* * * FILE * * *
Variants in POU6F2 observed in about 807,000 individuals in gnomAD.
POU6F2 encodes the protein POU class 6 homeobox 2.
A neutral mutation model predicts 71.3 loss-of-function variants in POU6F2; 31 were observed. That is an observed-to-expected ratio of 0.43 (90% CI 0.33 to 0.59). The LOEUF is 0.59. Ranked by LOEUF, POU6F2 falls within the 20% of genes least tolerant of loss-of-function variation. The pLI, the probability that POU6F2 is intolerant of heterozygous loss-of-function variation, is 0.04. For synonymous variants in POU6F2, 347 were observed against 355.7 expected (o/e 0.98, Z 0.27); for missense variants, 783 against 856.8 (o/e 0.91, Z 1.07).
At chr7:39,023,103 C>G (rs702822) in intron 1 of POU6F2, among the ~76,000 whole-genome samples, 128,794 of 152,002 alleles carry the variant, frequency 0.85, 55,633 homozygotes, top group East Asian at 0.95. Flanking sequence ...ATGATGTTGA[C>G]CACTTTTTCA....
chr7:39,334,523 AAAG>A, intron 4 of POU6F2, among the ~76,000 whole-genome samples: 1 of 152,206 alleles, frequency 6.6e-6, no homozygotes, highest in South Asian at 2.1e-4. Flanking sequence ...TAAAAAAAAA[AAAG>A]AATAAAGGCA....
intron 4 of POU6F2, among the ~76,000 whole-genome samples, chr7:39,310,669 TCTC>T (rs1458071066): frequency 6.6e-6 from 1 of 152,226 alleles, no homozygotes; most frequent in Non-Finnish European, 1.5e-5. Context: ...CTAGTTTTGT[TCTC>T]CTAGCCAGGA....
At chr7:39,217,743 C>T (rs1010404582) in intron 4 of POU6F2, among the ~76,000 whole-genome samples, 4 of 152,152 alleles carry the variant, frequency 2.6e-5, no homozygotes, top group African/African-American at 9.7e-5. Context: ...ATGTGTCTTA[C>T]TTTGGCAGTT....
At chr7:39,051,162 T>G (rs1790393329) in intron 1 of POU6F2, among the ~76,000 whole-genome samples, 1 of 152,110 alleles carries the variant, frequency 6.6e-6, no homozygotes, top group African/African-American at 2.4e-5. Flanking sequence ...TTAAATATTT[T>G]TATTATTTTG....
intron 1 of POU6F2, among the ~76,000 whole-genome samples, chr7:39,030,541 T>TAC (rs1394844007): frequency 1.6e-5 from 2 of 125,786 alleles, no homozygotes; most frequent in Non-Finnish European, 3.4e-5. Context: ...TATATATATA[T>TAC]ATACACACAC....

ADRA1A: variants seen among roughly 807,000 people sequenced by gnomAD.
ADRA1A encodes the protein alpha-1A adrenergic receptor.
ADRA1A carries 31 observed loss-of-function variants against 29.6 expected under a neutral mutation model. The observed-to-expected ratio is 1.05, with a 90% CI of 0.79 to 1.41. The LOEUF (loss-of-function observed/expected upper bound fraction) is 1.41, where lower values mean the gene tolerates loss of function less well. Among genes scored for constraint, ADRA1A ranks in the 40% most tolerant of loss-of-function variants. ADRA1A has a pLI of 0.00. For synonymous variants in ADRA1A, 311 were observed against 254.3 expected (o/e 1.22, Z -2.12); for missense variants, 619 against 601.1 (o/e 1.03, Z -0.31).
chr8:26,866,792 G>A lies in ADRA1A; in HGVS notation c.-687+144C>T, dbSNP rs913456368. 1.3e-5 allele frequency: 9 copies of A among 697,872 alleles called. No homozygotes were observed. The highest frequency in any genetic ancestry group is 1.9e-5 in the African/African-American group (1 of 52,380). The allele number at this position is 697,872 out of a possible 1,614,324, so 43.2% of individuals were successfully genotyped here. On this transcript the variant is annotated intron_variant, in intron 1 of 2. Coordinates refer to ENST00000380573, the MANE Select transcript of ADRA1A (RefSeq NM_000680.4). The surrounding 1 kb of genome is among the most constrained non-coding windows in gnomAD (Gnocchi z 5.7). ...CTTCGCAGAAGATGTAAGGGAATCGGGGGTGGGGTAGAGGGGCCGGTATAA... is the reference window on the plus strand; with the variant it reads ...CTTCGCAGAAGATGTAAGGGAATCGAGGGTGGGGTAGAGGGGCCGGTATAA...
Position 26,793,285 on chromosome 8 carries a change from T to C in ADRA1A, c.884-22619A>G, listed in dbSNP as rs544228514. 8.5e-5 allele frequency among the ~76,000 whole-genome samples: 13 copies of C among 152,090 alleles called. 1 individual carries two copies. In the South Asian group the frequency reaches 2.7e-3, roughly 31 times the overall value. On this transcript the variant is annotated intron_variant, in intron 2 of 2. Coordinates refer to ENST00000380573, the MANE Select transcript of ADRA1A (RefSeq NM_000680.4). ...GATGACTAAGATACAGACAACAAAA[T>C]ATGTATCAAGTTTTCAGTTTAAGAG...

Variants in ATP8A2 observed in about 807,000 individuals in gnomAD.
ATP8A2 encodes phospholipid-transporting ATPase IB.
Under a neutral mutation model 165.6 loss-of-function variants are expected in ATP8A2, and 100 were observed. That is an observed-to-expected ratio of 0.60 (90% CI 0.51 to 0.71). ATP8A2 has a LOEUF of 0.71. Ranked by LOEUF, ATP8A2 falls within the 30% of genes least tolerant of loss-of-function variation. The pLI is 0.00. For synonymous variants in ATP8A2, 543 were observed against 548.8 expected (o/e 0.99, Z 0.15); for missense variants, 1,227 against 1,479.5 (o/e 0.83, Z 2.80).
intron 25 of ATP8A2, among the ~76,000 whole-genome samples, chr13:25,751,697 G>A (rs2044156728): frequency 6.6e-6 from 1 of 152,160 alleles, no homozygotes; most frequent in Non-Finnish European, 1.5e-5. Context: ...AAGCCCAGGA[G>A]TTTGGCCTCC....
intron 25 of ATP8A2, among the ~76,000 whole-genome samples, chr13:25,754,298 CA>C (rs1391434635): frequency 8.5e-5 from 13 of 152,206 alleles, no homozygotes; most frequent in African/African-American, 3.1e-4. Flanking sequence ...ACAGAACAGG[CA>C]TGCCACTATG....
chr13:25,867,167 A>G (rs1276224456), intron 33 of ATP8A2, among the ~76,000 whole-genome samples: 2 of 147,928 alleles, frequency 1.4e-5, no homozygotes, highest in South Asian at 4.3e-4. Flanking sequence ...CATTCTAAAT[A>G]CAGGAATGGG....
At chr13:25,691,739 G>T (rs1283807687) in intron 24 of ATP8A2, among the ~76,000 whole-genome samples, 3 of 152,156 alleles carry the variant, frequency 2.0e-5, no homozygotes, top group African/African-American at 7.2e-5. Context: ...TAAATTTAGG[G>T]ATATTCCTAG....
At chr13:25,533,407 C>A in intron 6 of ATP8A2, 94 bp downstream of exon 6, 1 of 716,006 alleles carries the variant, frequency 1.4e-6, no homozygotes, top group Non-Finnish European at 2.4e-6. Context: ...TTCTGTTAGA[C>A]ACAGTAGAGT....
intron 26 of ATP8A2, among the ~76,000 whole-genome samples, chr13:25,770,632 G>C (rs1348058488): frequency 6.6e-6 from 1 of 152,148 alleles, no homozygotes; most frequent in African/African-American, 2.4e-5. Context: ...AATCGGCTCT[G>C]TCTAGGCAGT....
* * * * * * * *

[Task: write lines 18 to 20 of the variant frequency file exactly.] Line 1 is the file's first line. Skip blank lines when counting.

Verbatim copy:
intron 25 of ATP8A2, among the ~76,000 whole-genome samples, chr13:25,751,697 G>A (rs2044156728): frequency 6.6e-6 from 1 of 152,160 alleles, no homozygotes; most frequent in Non-Finnish European, 1.5e-5. Context: ...AAGCCCAGGA[G>A]TTTGGCCTCC....
intron 25 of ATP8A2, among the ~76,000 whole-genome samples, chr13:25,754,298 CA>C (rs1391434635): frequency 8.5e-5 from 13 of 152,206 alleles, no homozygotes; most frequent in African/African-American, 3.1e-4. Flanking sequence ...ACAGAACAGG[CA>C]TGCCACTATG....
chr13:25,867,167 A>G (rs1276224456), intron 33 of ATP8A2, among the ~76,000 whole-genome samples: 2 of 147,928 alleles, frequency 1.4e-5, no homozygotes, highest in South Asian at 4.3e-4. Flanking sequence ...CATTCTAAAT[A>G]CAGGAATGGG....